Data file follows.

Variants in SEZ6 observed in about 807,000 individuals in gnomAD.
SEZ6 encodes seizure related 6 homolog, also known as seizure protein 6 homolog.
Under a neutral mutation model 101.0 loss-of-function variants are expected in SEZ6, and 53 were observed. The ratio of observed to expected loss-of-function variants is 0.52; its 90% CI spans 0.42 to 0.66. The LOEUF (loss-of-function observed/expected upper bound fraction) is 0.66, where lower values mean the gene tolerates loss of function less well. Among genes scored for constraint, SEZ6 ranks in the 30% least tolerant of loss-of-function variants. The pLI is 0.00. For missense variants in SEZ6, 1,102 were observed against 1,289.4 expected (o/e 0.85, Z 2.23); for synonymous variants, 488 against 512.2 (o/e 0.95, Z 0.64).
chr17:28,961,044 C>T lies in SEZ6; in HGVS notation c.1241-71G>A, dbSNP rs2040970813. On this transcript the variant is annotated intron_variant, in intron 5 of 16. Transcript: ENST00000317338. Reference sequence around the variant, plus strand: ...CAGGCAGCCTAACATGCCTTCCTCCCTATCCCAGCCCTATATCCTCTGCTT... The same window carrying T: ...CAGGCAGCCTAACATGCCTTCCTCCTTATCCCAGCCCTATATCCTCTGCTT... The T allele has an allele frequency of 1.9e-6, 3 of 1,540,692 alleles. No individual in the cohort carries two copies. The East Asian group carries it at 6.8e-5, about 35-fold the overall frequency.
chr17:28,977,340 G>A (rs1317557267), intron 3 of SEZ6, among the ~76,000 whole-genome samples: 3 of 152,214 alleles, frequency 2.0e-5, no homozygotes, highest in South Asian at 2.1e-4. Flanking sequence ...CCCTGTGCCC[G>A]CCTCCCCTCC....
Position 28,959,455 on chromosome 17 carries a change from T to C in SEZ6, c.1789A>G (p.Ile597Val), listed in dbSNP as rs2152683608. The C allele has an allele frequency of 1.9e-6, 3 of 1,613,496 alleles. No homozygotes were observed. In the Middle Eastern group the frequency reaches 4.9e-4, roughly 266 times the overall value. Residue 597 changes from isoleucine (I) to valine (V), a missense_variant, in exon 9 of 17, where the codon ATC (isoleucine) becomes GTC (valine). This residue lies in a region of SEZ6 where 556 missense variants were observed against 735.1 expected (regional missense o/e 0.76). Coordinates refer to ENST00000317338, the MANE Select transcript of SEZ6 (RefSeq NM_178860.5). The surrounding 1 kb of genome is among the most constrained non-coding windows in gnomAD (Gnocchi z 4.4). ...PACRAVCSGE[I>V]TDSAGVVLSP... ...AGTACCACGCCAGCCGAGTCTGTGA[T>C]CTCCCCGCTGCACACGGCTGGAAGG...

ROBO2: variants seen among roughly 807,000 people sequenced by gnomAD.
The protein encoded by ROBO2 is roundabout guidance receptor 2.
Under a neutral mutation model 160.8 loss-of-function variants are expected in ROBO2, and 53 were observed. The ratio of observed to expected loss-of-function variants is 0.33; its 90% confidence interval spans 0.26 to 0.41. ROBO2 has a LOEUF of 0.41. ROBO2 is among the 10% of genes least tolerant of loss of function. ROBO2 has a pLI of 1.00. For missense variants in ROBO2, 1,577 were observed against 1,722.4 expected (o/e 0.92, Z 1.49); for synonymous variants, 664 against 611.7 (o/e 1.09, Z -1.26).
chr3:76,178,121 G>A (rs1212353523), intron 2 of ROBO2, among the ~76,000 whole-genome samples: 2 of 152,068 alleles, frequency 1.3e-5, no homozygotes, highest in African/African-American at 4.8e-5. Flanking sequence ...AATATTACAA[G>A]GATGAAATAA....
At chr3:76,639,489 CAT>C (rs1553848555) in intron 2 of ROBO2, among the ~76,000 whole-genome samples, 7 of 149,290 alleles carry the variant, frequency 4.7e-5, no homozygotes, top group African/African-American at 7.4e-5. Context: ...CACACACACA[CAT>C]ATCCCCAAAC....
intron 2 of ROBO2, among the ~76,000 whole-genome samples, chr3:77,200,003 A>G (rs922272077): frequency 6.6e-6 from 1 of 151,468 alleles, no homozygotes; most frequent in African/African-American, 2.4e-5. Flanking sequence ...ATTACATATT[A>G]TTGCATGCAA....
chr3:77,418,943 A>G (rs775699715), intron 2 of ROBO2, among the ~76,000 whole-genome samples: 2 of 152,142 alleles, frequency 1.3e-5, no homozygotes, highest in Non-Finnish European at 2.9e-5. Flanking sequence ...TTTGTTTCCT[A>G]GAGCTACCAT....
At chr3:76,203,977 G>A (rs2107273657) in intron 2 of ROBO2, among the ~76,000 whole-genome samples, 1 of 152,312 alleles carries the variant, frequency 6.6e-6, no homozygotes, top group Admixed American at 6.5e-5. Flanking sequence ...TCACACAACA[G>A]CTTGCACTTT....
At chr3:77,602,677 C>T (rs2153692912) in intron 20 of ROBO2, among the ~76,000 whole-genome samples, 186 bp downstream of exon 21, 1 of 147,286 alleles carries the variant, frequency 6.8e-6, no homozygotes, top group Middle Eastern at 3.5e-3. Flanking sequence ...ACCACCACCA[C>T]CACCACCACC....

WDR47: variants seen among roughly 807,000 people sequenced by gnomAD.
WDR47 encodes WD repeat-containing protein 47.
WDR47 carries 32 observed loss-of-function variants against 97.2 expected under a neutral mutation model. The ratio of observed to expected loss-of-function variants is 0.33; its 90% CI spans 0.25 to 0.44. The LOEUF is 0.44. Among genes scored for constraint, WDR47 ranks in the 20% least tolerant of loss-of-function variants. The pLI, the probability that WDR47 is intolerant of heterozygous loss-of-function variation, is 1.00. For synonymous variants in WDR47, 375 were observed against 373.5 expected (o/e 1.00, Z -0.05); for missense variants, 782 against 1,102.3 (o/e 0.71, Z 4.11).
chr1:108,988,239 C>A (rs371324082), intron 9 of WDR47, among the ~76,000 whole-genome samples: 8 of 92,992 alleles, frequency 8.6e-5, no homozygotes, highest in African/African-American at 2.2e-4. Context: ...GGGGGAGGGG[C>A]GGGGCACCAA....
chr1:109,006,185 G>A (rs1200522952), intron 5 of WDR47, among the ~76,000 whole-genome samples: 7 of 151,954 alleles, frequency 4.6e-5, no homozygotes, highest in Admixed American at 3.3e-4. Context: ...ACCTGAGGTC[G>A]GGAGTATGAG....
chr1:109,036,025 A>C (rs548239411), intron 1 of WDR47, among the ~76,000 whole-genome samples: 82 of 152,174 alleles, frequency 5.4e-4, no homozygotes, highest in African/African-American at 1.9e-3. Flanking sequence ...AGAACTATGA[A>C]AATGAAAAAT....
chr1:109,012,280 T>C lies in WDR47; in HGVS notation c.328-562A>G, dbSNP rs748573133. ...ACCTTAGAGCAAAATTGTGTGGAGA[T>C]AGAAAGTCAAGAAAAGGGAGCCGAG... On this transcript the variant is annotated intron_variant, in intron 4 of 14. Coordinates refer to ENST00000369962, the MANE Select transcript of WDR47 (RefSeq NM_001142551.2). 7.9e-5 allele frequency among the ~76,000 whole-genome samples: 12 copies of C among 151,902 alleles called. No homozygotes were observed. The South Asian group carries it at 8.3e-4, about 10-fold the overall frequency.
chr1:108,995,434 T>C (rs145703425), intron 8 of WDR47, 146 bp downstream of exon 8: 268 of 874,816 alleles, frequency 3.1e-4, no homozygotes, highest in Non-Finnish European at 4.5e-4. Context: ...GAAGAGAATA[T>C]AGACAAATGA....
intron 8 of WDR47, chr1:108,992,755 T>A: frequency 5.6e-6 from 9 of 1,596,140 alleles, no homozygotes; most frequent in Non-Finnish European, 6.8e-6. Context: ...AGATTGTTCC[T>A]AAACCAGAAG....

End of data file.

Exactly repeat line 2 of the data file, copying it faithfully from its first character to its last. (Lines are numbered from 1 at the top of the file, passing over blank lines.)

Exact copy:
SEZ6 encodes seizure related 6 homolog, also known as seizure protein 6 homolog.